Faced with floods, an exceptionally
cold winter, and the outbreak of foot-and-mouth disease, North Korea has issued
desperate pleas to the
international community for food aid.
Yet the United States, South Korea, Japan and China (which together are
responsible for 80% of North Korea’s food aid since 1995) all have significant reasons to refrain from providing the
Kim Jung-il regime with any relief. Political considerations and concerns that the
food will be diverted to the country’s elite contribute to the reluctance among
Washington and its allies. Meanwhile, a severe drought threatening
the wheat crop in China could give Beijing pause when it considers how much
assistance to dole out to North Korea this year.
The World Food Program (WFP) is currently conducting an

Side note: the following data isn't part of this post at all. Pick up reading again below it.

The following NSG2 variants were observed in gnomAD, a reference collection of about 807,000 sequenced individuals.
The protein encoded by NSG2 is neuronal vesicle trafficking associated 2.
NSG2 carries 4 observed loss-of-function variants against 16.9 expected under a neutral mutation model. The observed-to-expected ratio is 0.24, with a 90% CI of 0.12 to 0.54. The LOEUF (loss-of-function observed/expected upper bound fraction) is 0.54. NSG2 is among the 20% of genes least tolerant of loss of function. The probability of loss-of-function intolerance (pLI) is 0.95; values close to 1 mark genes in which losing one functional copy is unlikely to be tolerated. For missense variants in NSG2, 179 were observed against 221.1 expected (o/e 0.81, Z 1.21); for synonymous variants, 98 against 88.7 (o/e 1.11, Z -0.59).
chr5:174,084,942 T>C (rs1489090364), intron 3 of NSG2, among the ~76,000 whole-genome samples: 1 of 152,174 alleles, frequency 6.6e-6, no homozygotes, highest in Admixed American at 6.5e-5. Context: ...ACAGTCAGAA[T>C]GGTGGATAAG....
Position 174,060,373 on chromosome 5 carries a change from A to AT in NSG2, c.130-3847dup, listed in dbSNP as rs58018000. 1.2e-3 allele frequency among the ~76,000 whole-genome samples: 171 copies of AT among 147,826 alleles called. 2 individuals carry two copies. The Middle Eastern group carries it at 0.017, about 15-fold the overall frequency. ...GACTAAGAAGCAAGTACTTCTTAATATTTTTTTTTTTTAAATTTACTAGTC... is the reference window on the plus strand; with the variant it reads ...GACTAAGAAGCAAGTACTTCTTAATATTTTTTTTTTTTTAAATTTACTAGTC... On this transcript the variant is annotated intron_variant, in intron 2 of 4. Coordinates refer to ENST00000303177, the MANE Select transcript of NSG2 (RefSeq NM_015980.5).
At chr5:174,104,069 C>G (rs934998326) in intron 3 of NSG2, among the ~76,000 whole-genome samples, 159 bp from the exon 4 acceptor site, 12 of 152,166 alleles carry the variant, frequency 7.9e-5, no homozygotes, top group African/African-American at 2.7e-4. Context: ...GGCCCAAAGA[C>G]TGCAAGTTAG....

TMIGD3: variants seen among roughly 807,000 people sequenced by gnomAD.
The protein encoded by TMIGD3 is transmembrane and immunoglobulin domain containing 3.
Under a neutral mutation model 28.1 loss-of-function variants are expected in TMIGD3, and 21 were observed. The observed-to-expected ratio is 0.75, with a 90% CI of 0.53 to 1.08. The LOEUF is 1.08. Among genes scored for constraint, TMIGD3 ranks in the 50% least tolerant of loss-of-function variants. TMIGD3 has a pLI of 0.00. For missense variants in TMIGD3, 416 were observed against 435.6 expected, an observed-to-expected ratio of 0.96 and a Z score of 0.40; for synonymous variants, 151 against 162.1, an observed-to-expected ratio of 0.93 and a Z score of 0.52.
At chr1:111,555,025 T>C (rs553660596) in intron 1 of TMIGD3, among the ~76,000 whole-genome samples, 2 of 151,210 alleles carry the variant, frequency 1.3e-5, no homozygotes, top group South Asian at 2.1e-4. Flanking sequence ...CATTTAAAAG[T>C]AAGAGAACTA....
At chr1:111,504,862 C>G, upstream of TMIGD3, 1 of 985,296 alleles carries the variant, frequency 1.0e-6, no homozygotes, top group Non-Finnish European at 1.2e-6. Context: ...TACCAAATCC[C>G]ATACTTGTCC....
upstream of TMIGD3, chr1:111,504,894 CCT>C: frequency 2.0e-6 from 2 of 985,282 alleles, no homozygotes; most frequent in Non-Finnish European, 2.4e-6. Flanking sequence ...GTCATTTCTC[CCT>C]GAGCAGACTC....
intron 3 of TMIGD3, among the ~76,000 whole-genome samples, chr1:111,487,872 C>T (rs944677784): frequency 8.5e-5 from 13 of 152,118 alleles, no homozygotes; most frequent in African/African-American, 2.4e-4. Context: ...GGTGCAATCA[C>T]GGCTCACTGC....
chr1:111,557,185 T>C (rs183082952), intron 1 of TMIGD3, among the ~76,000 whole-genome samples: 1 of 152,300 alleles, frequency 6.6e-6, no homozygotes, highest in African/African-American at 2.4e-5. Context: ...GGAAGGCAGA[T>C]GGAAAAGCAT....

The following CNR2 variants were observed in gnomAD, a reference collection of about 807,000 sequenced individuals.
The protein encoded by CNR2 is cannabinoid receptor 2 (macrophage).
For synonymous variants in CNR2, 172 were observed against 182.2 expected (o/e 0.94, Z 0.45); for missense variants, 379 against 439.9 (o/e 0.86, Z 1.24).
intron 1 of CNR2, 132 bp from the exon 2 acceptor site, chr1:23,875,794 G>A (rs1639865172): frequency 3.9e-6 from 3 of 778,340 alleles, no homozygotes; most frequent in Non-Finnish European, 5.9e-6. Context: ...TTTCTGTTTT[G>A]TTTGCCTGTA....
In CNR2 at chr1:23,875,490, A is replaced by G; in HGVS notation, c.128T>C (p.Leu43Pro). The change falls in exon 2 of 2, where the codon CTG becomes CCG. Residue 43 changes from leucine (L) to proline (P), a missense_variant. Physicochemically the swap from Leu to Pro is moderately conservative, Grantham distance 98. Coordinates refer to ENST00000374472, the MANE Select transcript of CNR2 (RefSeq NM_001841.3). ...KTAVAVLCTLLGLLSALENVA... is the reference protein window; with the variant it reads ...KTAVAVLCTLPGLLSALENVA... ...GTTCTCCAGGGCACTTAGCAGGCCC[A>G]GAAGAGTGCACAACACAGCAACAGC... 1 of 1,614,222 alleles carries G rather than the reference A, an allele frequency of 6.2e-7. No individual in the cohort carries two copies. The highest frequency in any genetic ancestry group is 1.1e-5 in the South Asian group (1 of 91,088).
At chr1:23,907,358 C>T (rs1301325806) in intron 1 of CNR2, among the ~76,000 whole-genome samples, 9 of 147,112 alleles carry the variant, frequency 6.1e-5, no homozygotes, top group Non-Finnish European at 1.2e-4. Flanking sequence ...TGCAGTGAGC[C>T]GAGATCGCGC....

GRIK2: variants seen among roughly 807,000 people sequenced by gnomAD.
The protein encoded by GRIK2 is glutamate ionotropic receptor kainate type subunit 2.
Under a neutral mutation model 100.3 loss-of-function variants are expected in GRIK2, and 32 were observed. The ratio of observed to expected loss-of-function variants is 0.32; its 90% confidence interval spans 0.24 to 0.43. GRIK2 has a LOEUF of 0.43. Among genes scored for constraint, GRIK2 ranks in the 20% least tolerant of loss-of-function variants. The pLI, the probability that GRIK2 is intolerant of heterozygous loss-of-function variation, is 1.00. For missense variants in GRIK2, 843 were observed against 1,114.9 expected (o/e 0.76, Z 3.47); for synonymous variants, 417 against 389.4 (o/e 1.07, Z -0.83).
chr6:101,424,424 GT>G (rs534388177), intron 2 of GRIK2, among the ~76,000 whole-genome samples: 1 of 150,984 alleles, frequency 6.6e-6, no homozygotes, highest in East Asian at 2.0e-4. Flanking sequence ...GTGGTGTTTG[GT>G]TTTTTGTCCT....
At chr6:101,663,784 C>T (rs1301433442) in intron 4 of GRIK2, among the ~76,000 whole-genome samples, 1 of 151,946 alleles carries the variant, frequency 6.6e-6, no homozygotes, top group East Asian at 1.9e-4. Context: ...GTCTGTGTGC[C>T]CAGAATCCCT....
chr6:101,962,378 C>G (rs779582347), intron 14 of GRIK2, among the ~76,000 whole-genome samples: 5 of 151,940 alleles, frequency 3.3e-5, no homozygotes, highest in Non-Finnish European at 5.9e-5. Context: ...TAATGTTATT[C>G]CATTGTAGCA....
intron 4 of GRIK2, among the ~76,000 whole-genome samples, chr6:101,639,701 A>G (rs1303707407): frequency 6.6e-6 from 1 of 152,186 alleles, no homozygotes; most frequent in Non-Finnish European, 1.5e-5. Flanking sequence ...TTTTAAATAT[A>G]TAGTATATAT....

assessment of the food crisis in North Korea, which is due to be released next
month. Whether the report differs from one released in November of last year, which projected a slight increase for this year’s harvest,
it may help address speculation that Pyongyang is exaggerating its need in order
to stockpile food in
preparation for the planned 2012 celebrations.
However, if recent statements from the
United States Department of State are any indication, it is unlikely that
Washington will change its current stance of “no access, no food,” regardless
of the WFP report’s findings. Although South Korea demonstrated signs of a
policy reversal last October, when the government made its first shipment of food
aid to North Korea since 2008, the total amount of food was very modest
compared to historical trends.
The void left by the United States and South Korea could be
filled by China, which has reportedly done
just that for the past two years. However, the current drought and the looming food
shortages in China will make such a choice all the more costly. This mounting
price of propping-up the regime in Pyongyang has contributed to Beijing’s increasing frustration
toward the Kim regime, and poses another serious challenge to an already